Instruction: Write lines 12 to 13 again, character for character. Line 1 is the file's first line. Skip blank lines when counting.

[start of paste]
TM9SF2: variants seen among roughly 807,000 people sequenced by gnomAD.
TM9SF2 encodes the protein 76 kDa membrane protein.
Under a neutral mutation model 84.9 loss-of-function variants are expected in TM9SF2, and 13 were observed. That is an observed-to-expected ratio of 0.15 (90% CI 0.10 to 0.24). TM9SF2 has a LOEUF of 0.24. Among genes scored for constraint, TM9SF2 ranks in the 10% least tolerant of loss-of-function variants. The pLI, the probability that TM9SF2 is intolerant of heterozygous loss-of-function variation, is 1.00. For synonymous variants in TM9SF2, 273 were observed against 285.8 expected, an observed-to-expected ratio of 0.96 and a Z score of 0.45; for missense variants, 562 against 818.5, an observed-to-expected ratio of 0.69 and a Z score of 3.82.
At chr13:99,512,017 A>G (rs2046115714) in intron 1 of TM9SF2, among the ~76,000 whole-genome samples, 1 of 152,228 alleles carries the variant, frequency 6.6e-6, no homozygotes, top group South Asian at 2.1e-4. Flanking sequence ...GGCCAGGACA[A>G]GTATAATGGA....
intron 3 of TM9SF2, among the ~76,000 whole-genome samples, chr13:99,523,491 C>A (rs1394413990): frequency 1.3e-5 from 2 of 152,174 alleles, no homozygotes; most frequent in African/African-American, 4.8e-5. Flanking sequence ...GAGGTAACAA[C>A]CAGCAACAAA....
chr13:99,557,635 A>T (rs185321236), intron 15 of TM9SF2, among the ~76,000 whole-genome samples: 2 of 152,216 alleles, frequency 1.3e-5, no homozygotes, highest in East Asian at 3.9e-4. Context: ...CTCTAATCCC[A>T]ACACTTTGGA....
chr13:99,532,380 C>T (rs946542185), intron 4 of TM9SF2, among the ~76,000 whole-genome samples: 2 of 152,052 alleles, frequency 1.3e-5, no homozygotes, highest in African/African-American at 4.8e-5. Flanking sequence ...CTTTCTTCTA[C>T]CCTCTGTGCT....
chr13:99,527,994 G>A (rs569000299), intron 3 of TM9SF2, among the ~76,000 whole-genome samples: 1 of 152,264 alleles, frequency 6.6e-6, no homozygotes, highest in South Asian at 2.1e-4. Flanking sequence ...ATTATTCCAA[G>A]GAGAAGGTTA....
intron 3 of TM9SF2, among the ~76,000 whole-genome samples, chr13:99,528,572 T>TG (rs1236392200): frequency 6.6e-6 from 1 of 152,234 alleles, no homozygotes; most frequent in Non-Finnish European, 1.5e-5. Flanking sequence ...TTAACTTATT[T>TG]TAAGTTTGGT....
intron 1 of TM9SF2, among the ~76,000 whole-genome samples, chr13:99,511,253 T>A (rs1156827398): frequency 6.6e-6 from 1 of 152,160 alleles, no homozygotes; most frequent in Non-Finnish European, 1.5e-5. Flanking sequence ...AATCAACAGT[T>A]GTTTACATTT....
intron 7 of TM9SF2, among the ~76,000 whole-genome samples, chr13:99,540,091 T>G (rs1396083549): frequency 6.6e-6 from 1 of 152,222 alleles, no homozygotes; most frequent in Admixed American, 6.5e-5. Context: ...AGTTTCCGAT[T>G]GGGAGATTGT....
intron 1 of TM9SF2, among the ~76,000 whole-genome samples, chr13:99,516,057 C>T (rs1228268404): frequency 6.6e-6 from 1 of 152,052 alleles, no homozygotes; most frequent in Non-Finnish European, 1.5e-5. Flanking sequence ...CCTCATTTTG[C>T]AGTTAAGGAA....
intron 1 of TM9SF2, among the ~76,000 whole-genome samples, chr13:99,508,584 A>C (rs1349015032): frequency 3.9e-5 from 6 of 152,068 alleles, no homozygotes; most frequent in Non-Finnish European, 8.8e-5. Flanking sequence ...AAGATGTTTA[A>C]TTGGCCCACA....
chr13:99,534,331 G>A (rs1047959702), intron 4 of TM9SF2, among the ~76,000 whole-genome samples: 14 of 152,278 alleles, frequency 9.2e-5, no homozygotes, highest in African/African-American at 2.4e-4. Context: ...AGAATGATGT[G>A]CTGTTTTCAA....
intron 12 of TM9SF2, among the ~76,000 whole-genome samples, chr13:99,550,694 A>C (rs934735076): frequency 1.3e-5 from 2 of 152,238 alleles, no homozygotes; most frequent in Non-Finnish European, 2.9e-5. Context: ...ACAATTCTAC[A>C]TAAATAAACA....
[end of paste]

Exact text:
intron 1 of TM9SF2, among the ~76,000 whole-genome samples, chr13:99,516,057 C>T (rs1228268404): frequency 6.6e-6 from 1 of 152,052 alleles, no homozygotes; most frequent in Non-Finnish European, 1.5e-5. Flanking sequence ...CCTCATTTTG[C>T]AGTTAAGGAA....
intron 1 of TM9SF2, among the ~76,000 whole-genome samples, chr13:99,508,584 A>C (rs1349015032): frequency 3.9e-5 from 6 of 152,068 alleles, no homozygotes; most frequent in Non-Finnish European, 8.8e-5. Flanking sequence ...AAGATGTTTA[A>C]TTGGCCCACA....